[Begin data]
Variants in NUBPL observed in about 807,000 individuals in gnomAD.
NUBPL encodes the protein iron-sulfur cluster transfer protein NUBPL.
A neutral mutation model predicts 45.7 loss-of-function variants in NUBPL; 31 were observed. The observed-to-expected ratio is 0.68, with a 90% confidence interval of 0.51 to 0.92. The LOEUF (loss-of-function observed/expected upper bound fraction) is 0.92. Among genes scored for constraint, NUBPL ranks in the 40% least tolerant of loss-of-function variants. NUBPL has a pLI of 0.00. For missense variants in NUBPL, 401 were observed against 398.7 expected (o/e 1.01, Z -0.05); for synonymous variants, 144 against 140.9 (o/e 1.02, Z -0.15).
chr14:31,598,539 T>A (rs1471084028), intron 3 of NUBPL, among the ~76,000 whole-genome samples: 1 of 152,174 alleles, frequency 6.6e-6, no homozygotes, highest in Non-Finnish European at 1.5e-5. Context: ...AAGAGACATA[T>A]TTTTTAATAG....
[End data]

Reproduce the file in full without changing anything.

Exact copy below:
Variants in NUBPL observed in about 807,000 individuals in gnomAD.
NUBPL encodes the protein iron-sulfur cluster transfer protein NUBPL.
A neutral mutation model predicts 45.7 loss-of-function variants in NUBPL; 31 were observed. The observed-to-expected ratio is 0.68, with a 90% confidence interval of 0.51 to 0.92. The LOEUF (loss-of-function observed/expected upper bound fraction) is 0.92. Among genes scored for constraint, NUBPL ranks in the 40% least tolerant of loss-of-function variants. NUBPL has a pLI of 0.00. For missense variants in NUBPL, 401 were observed against 398.7 expected (o/e 1.01, Z -0.05); for synonymous variants, 144 against 140.9 (o/e 1.02, Z -0.15).
chr14:31,598,539 T>A (rs1471084028), intron 3 of NUBPL, among the ~76,000 whole-genome samples: 1 of 152,174 alleles, frequency 6.6e-6, no homozygotes, highest in Non-Finnish European at 1.5e-5. Context: ...AAGAGACATA[T>A]TTTTTAATAG....